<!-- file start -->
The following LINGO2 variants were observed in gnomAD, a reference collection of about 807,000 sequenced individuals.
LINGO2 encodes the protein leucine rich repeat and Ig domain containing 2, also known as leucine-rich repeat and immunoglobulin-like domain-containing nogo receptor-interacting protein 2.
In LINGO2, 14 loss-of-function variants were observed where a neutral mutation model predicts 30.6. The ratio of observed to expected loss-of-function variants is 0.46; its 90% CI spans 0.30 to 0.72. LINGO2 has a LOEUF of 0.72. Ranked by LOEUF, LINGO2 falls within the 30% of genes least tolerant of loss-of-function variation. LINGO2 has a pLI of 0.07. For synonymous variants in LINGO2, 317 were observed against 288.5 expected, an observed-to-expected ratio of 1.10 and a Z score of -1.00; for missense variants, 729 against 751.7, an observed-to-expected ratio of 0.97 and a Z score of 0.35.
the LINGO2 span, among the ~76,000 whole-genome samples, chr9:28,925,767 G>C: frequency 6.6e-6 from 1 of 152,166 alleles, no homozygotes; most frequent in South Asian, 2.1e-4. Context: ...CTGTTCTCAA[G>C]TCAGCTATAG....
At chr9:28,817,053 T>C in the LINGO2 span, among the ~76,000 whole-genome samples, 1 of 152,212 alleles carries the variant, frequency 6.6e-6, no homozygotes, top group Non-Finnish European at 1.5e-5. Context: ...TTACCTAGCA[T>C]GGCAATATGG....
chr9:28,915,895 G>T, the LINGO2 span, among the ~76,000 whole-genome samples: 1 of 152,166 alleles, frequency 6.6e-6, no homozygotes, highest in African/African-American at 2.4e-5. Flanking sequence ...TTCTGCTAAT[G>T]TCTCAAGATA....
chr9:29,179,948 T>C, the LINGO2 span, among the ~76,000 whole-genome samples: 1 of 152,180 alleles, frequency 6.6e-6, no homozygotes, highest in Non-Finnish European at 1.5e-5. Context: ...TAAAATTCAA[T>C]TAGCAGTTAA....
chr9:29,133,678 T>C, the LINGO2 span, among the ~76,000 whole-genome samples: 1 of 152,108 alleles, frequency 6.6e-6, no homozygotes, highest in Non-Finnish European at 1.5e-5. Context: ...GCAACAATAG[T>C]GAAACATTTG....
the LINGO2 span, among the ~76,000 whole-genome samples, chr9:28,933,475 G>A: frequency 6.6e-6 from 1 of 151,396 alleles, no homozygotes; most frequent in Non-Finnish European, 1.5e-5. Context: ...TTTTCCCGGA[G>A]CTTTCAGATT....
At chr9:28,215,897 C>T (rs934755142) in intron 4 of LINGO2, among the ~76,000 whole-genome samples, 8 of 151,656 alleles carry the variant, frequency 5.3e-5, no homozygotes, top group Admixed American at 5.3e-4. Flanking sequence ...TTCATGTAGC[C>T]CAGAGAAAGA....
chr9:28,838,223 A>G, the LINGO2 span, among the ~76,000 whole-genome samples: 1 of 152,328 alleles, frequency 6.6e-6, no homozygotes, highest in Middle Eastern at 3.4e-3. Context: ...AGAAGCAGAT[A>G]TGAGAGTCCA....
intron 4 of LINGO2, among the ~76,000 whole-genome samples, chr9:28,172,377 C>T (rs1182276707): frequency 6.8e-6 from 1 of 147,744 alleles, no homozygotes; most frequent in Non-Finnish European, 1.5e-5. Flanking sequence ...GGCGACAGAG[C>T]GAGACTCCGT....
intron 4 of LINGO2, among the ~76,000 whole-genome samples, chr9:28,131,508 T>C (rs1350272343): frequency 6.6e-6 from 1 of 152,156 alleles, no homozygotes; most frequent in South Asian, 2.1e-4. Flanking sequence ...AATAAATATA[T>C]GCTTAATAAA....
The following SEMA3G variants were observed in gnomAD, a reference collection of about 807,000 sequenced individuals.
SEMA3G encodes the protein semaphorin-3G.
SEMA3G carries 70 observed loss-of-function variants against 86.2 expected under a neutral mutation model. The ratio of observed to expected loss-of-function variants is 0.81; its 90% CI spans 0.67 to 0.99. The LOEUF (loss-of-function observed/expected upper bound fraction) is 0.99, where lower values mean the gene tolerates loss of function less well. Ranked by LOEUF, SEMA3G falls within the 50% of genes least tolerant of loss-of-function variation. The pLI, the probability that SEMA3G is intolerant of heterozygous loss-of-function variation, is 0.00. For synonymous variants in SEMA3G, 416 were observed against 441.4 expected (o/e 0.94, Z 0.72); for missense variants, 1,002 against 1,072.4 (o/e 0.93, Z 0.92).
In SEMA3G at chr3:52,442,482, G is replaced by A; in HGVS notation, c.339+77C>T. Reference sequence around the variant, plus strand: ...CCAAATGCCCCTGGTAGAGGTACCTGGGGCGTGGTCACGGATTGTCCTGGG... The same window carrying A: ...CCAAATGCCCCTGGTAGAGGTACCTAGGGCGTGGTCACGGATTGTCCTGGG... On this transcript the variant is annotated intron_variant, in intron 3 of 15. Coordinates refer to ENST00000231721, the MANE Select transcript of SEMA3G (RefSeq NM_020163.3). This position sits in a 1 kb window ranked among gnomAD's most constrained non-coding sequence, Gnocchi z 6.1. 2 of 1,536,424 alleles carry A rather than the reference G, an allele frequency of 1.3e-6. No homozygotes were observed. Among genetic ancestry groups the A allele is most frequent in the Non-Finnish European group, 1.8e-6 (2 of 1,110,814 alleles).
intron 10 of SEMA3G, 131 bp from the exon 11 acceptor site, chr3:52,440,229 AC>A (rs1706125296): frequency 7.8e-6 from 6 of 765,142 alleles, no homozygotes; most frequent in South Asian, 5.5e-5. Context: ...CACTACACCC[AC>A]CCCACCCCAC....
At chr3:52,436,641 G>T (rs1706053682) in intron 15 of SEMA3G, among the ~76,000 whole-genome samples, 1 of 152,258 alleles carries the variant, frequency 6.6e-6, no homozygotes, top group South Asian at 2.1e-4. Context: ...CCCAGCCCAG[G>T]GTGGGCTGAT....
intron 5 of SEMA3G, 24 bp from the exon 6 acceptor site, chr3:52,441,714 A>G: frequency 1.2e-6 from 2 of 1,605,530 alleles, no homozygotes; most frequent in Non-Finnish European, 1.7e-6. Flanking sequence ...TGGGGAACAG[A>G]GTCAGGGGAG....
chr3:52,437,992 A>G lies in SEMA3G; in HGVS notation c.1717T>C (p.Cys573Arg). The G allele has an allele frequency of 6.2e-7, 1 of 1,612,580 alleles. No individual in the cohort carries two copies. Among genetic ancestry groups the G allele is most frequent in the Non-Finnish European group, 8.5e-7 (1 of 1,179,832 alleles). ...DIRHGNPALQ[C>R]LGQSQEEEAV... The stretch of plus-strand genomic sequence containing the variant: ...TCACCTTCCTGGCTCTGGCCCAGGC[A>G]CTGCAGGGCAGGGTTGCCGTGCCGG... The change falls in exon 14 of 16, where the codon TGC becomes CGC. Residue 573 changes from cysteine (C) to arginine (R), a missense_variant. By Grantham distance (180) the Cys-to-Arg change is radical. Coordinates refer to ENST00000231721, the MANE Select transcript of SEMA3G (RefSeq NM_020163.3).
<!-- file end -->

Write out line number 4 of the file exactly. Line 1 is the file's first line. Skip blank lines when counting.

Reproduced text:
the LINGO2 span, among the ~76,000 whole-genome samples, chr9:28,925,767 G>C: frequency 6.6e-6 from 1 of 152,166 alleles, no homozygotes; most frequent in South Asian, 2.1e-4. Context: ...CTGTTCTCAA[G>C]TCAGCTATAG....